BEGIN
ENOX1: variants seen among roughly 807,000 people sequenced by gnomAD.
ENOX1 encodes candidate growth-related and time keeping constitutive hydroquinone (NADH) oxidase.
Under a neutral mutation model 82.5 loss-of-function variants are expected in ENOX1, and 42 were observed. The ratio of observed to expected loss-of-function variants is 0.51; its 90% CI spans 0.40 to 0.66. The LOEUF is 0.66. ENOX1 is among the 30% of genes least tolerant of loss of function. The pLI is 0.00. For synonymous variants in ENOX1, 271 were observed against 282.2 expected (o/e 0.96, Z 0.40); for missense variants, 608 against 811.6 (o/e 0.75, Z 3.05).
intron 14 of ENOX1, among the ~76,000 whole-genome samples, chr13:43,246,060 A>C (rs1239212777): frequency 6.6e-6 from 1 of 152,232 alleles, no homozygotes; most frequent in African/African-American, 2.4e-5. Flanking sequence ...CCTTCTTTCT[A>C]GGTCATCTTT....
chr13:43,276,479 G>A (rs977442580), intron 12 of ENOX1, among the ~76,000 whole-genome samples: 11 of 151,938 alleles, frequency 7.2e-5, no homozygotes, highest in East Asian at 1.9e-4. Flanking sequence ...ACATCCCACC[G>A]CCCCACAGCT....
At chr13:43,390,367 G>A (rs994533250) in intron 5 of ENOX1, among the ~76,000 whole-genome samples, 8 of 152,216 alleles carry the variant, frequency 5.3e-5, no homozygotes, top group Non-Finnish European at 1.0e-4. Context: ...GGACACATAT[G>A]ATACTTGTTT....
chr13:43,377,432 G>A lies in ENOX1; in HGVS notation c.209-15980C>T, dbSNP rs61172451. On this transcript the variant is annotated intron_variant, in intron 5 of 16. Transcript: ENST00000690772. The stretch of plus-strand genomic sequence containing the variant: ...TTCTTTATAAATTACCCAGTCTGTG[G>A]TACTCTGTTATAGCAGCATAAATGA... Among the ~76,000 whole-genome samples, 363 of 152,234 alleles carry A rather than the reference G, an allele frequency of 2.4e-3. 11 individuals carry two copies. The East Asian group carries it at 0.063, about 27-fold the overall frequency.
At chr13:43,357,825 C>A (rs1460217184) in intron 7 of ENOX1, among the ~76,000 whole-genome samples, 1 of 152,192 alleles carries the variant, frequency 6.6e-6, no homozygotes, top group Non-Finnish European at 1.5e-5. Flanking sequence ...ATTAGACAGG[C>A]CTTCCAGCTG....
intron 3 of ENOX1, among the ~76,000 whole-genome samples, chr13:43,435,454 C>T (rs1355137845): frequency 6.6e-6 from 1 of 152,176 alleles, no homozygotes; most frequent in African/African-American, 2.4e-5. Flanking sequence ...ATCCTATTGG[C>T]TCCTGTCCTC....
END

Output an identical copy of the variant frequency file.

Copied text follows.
ENOX1: variants seen among roughly 807,000 people sequenced by gnomAD.
ENOX1 encodes candidate growth-related and time keeping constitutive hydroquinone (NADH) oxidase.
Under a neutral mutation model 82.5 loss-of-function variants are expected in ENOX1, and 42 were observed. The ratio of observed to expected loss-of-function variants is 0.51; its 90% CI spans 0.40 to 0.66. The LOEUF is 0.66. ENOX1 is among the 30% of genes least tolerant of loss of function. The pLI is 0.00. For synonymous variants in ENOX1, 271 were observed against 282.2 expected (o/e 0.96, Z 0.40); for missense variants, 608 against 811.6 (o/e 0.75, Z 3.05).
intron 14 of ENOX1, among the ~76,000 whole-genome samples, chr13:43,246,060 A>C (rs1239212777): frequency 6.6e-6 from 1 of 152,232 alleles, no homozygotes; most frequent in African/African-American, 2.4e-5. Flanking sequence ...CCTTCTTTCT[A>C]GGTCATCTTT....
chr13:43,276,479 G>A (rs977442580), intron 12 of ENOX1, among the ~76,000 whole-genome samples: 11 of 151,938 alleles, frequency 7.2e-5, no homozygotes, highest in East Asian at 1.9e-4. Flanking sequence ...ACATCCCACC[G>A]CCCCACAGCT....
At chr13:43,390,367 G>A (rs994533250) in intron 5 of ENOX1, among the ~76,000 whole-genome samples, 8 of 152,216 alleles carry the variant, frequency 5.3e-5, no homozygotes, top group Non-Finnish European at 1.0e-4. Context: ...GGACACATAT[G>A]ATACTTGTTT....
chr13:43,377,432 G>A lies in ENOX1; in HGVS notation c.209-15980C>T, dbSNP rs61172451. On this transcript the variant is annotated intron_variant, in intron 5 of 16. Transcript: ENST00000690772. The stretch of plus-strand genomic sequence containing the variant: ...TTCTTTATAAATTACCCAGTCTGTG[G>A]TACTCTGTTATAGCAGCATAAATGA... Among the ~76,000 whole-genome samples, 363 of 152,234 alleles carry A rather than the reference G, an allele frequency of 2.4e-3. 11 individuals carry two copies. The East Asian group carries it at 0.063, about 27-fold the overall frequency.
At chr13:43,357,825 C>A (rs1460217184) in intron 7 of ENOX1, among the ~76,000 whole-genome samples, 1 of 152,192 alleles carries the variant, frequency 6.6e-6, no homozygotes, top group Non-Finnish European at 1.5e-5. Flanking sequence ...ATTAGACAGG[C>A]CTTCCAGCTG....
intron 3 of ENOX1, among the ~76,000 whole-genome samples, chr13:43,435,454 C>T (rs1355137845): frequency 6.6e-6 from 1 of 152,176 alleles, no homozygotes; most frequent in African/African-American, 2.4e-5. Flanking sequence ...ATCCTATTGG[C>T]TCCTGTCCTC....